To have three young, capable goalies, Capitals Coach Bruce Boudreau has said, is a luxury.
Unless you're one of them, that is.
With 12 games remaining before the playoffs begin, it's time for Boudreau to finally hand out the starting job, and he knows it.
“We want to make a decision pretty soon, and hopefully we will,” he conceded after Sunday's 4-3 overtime win against the Blackhawks. “They're really not making it easy on me. I'm not trying to be aloof here.”
If it were up to me, I’d commit to Michal Neuvirth as the starter, even with a more experienced Semyon Varlamov inching toward a return and Braden Holtby impressing enough to be named the NHL’s first star of the week.
Varlamov might have the highest upside of the three, but he hasn't shown he can stay healthy. He hasn't played since Feb. 20 and is sidelined right now with a suspected knee injury. Even if he returns soon, you've got to wonder if a month is long enough for him settle into a groove.
Holtby, meantime, has gone 4-0-0 with a 1.05 goals against average and .965 save percentage over the past seven days.There's no longer any doubt that he's going to be a good one. But with a mere 12 NHL appearances on his resume, it's too soon to consider him for a starting job in the playoffs.
Which brings me back to Neuvirth.
His play masked the Capitals' deficiencies in October and November, when he started the season 12-3-1 with a 2.63 goals against and .912 save percentage. Since then he's alternated starts with Varlamov, given up the net to Varlamov altogether for a few stretches and battled some nagging ailments. Through it all, though, he's arguably been the Capitals' most consistent player in a regular season that's going to be remembered for its maddening ups and downs.
Of course, there's the small matter of Neuvirth’s NHL playoff resume. It's blank. He did, however, lead the Hershey Bears to back-to-back Calder Cups the past two springs. Yes, I know it was the minor leagues. But his performance in Washington over the past five-plus months suggests that he's ready to do it up here.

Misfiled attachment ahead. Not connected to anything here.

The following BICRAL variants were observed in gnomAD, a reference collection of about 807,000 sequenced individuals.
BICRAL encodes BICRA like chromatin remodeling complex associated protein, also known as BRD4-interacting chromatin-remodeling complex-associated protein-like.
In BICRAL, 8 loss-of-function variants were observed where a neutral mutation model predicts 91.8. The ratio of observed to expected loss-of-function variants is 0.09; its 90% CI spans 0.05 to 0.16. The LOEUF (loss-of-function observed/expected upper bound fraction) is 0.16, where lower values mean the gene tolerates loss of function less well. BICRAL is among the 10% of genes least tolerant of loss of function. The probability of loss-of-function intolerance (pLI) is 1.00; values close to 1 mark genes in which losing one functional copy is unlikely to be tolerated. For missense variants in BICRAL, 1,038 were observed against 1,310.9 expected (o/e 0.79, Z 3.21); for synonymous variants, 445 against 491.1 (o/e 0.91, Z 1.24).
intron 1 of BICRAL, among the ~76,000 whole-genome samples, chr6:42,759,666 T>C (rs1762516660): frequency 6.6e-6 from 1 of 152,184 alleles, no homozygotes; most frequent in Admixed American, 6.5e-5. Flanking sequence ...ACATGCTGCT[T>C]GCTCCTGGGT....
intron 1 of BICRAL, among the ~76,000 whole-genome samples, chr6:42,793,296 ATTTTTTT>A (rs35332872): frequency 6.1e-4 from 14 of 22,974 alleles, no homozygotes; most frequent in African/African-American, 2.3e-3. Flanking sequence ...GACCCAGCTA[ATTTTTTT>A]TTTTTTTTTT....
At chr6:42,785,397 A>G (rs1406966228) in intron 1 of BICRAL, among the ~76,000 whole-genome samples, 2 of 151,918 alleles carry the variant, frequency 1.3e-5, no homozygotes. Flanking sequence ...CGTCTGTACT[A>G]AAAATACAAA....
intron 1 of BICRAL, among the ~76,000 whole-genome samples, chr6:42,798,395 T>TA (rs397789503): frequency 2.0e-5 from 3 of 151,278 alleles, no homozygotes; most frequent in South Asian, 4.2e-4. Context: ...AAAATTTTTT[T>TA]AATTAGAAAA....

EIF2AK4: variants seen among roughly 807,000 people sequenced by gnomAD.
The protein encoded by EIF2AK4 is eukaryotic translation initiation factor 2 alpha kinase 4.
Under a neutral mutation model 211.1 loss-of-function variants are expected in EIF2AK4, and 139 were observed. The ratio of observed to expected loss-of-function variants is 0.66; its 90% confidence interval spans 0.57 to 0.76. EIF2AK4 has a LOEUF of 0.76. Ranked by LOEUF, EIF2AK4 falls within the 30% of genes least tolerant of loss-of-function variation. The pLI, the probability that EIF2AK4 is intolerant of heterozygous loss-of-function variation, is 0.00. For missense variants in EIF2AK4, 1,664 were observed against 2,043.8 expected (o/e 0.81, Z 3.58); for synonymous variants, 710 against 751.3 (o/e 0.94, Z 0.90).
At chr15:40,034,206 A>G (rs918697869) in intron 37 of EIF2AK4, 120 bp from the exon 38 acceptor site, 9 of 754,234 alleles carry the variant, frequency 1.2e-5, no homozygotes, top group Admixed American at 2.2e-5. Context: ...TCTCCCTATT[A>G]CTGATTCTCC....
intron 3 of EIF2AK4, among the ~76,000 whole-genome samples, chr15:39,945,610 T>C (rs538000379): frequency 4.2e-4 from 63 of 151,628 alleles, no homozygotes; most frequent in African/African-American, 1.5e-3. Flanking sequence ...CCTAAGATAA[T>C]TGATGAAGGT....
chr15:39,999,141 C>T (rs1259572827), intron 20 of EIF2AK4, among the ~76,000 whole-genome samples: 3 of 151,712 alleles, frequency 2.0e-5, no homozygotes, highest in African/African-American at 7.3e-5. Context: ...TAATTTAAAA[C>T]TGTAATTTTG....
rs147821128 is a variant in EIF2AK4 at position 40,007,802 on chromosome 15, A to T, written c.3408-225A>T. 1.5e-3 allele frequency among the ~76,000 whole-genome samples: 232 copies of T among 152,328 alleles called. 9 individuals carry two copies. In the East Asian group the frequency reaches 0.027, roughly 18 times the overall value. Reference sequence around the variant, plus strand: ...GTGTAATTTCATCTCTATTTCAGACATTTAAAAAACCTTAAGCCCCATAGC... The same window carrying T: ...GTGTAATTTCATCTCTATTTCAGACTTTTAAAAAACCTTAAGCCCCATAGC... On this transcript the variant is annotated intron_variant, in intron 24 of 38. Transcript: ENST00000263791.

Neuvirth was on another roll, having won four in a row, when Tampa Bay's Nate Thompson fired a slap shot off of his mask on March 7. He missed the rest of that game because, according to the team, a piece of metal from his mask had gotten into his eye.
The 22-year-old Czech sat out the Edmonton game, but from all appearances could have played Friday against the Hurricanes. Instead, Boudreau turned to the “hot hand” and Holtby earned a 2-1 win. Then on Sunday, with NBC and the Stanley Cup champs in town, Holtby persevered through an uneven performance.
But as the Capitals extended their winning streak to eight games, Neuvirth again sat at the end of the bench, his baseball cap pulled down low.
Those who are around the team on daily basis tell me Neuvirth has been cranky in recent days. Early in Friday's morning skate, he left the ice in a huff after a teammate sent a puck whizzing past his mask.
“I definitely want to get back in the net and do good,” he told me Sunday. “Playing every game is more comfortable for every goalie. Your confidence is there all the time. Your focus is there all the time. As a goalie, I would like to play every game.”
There are few intangibles in professional sports more important than confidence. Boudreau acknowledged as much when discussing Boyd Gordon's recent surge during Sunday's postgame news conference.
“Mentally, it's been a lot easier on him,” Boudreau said of the checking-line forward. “He knows that’s his job now. In the past – and I loved the way him and Dave Steckel played together – but you had to make a choice. We made our choice, and [Gordon] has stepped up.”
It’s no different for goalies, who treat the cage as a piece of personal property. They don't like to share it. They overanalyze things. Their focus isn't always where it should be because they’re always looking over their shoulders.
With a six-game road trip set to begin Tuesday in Montreal, the time for a “healthy” competition has passed.
It's time to hand Neuvirth the keys to the hottest ride in the NHL right now and, in Boudreau's words, let 'em run with it.